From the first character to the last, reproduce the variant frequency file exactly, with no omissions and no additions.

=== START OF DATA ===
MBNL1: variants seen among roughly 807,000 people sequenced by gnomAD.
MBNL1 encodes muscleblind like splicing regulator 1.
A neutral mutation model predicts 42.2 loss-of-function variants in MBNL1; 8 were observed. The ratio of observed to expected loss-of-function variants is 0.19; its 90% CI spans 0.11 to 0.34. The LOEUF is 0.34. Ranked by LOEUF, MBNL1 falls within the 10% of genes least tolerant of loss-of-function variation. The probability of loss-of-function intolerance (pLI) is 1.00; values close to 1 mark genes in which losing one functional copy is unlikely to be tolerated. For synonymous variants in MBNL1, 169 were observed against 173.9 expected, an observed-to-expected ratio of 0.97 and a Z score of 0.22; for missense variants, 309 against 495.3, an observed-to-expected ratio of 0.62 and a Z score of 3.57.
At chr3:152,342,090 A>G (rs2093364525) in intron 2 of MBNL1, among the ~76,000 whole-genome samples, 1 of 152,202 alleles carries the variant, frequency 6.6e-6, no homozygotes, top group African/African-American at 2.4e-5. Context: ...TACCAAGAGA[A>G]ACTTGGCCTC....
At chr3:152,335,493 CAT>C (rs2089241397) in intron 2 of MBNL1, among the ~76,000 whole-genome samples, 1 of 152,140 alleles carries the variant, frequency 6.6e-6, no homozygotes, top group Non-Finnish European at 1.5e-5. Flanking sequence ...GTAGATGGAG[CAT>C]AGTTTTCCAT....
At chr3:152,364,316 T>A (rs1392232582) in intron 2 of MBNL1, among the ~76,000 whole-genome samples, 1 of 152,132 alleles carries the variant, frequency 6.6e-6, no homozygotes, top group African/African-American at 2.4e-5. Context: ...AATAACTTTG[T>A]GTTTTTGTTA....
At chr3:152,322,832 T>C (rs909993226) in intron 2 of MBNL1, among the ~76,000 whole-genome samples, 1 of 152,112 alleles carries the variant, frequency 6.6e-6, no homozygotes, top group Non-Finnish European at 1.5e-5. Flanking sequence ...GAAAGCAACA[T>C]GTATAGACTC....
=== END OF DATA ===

MBNL1: variants seen among roughly 807,000 people sequenced by gnomAD.
MBNL1 encodes muscleblind like splicing regulator 1.
A neutral mutation model predicts 42.2 loss-of-function variants in MBNL1; 8 were observed. The ratio of observed to expected loss-of-function variants is 0.19; its 90% CI spans 0.11 to 0.34. The LOEUF is 0.34. Ranked by LOEUF, MBNL1 falls within the 10% of genes least tolerant of loss-of-function variation. The probability of loss-of-function intolerance (pLI) is 1.00; values close to 1 mark genes in which losing one functional copy is unlikely to be tolerated. For synonymous variants in MBNL1, 169 were observed against 173.9 expected, an observed-to-expected ratio of 0.97 and a Z score of 0.22; for missense variants, 309 against 495.3, an observed-to-expected ratio of 0.62 and a Z score of 3.57.
At chr3:152,342,090 A>G (rs2093364525) in intron 2 of MBNL1, among the ~76,000 whole-genome samples, 1 of 152,202 alleles carries the variant, frequency 6.6e-6, no homozygotes, top group African/African-American at 2.4e-5. Context: ...TACCAAGAGA[A>G]ACTTGGCCTC....
At chr3:152,335,493 CAT>C (rs2089241397) in intron 2 of MBNL1, among the ~76,000 whole-genome samples, 1 of 152,140 alleles carries the variant, frequency 6.6e-6, no homozygotes, top group Non-Finnish European at 1.5e-5. Flanking sequence ...GTAGATGGAG[CAT>C]AGTTTTCCAT....
At chr3:152,364,316 T>A (rs1392232582) in intron 2 of MBNL1, among the ~76,000 whole-genome samples, 1 of 152,132 alleles carries the variant, frequency 6.6e-6, no homozygotes, top group African/African-American at 2.4e-5. Context: ...AATAACTTTG[T>A]GTTTTTGTTA....
At chr3:152,322,832 T>C (rs909993226) in intron 2 of MBNL1, among the ~76,000 whole-genome samples, 1 of 152,112 alleles carries the variant, frequency 6.6e-6, no homozygotes, top group Non-Finnish European at 1.5e-5. Flanking sequence ...GAAAGCAACA[T>C]GTATAGACTC....